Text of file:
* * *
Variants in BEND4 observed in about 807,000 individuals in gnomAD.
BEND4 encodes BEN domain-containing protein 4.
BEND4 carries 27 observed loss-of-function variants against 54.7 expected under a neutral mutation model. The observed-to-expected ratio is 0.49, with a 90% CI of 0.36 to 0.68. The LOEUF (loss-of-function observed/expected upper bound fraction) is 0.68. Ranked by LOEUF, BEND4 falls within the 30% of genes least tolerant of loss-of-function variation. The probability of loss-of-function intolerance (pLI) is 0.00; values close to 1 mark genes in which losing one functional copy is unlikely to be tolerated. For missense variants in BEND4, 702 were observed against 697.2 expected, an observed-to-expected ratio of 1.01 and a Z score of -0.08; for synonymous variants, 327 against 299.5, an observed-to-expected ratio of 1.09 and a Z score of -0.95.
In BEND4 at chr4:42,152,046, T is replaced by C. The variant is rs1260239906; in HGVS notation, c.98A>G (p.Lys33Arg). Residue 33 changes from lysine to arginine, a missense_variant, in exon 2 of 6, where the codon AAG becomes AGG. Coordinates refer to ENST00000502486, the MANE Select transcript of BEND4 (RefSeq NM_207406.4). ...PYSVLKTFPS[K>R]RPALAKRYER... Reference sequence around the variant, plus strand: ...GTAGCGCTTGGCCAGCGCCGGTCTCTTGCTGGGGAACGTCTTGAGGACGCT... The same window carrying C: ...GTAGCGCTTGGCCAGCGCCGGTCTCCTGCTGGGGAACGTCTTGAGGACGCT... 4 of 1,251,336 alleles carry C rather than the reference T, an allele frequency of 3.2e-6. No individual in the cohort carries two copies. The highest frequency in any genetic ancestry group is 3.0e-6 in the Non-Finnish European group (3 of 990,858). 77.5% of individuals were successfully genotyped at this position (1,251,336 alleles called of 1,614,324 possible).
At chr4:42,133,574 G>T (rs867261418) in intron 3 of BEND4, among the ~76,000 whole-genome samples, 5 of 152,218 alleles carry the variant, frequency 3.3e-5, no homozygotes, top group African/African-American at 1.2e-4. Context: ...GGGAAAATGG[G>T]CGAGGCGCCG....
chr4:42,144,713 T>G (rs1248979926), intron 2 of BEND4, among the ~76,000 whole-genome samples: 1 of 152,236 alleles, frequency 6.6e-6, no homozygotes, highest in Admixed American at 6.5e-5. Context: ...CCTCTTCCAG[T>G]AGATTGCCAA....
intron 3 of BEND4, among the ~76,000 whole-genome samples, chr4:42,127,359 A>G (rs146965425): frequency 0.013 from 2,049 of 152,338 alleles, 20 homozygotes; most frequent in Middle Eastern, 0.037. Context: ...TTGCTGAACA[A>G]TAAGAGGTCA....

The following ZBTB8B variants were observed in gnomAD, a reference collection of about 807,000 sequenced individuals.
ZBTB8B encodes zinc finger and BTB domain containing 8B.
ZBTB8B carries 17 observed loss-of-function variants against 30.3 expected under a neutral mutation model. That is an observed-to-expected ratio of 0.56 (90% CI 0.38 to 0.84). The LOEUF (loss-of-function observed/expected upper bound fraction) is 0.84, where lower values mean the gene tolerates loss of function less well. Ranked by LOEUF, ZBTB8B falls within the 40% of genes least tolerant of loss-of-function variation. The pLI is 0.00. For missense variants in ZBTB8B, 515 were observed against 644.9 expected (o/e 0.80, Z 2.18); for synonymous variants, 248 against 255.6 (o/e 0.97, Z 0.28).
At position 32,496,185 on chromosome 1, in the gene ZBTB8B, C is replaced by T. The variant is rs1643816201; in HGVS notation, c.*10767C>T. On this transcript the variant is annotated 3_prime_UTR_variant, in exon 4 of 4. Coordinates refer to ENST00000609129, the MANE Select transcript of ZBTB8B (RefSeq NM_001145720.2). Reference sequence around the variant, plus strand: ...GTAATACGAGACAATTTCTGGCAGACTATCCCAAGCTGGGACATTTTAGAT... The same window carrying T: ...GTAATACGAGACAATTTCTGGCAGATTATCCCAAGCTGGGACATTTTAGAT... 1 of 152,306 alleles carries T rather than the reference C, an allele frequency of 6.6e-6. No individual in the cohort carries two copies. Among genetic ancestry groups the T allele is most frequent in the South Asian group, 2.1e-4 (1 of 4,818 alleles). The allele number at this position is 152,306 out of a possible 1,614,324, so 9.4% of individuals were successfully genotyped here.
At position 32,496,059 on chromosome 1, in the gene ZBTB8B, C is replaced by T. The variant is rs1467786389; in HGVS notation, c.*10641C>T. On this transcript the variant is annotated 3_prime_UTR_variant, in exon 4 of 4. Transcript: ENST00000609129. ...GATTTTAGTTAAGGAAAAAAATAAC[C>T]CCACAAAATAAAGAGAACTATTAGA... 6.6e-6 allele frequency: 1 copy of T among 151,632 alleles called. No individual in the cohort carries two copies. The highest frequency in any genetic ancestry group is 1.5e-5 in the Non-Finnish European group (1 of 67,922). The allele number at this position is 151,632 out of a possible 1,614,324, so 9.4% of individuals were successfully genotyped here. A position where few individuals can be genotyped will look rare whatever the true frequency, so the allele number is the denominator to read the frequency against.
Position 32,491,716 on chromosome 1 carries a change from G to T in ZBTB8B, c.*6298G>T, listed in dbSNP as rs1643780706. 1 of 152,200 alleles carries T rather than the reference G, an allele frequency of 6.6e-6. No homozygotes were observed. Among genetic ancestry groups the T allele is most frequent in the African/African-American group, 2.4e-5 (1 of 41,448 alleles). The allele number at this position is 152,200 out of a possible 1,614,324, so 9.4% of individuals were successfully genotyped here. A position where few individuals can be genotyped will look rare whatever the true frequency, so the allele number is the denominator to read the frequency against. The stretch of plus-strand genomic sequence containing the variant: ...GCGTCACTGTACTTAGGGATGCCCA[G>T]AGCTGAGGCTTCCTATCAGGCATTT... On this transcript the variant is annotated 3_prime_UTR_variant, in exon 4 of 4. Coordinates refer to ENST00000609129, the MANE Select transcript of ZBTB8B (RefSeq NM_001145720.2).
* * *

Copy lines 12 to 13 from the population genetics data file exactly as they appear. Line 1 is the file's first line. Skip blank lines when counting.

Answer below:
At position 32,496,059 on chromosome 1, in the gene ZBTB8B, C is replaced by T. The variant is rs1467786389; in HGVS notation, c.*10641C>T. On this transcript the variant is annotated 3_prime_UTR_variant, in exon 4 of 4. Transcript: ENST00000609129. ...GATTTTAGTTAAGGAAAAAAATAAC[C>T]CCACAAAATAAAGAGAACTATTAGA... 6.6e-6 allele frequency: 1 copy of T among 151,632 alleles called. No individual in the cohort carries two copies. The highest frequency in any genetic ancestry group is 1.5e-5 in the Non-Finnish European group (1 of 67,922). The allele number at this position is 151,632 out of a possible 1,614,324, so 9.4% of individuals were successfully genotyped here. A position where few individuals can be genotyped will look rare whatever the true frequency, so the allele number is the denominator to read the frequency against.
Position 32,491,716 on chromosome 1 carries a change from G to T in ZBTB8B, c.*6298G>T, listed in dbSNP as rs1643780706. 1 of 152,200 alleles carries T rather than the reference G, an allele frequency of 6.6e-6. No homozygotes were observed. Among genetic ancestry groups the T allele is most frequent in the African/African-American group, 2.4e-5 (1 of 41,448 alleles). The allele number at this position is 152,200 out of a possible 1,614,324, so 9.4% of individuals were successfully genotyped here. A position where few individuals can be genotyped will look rare whatever the true frequency, so the allele number is the denominator to read the frequency against. The stretch of plus-strand genomic sequence containing the variant: ...GCGTCACTGTACTTAGGGATGCCCA[G>T]AGCTGAGGCTTCCTATCAGGCATTT... On this transcript the variant is annotated 3_prime_UTR_variant, in exon 4 of 4. Coordinates refer to ENST00000609129, the MANE Select transcript of ZBTB8B (RefSeq NM_001145720.2).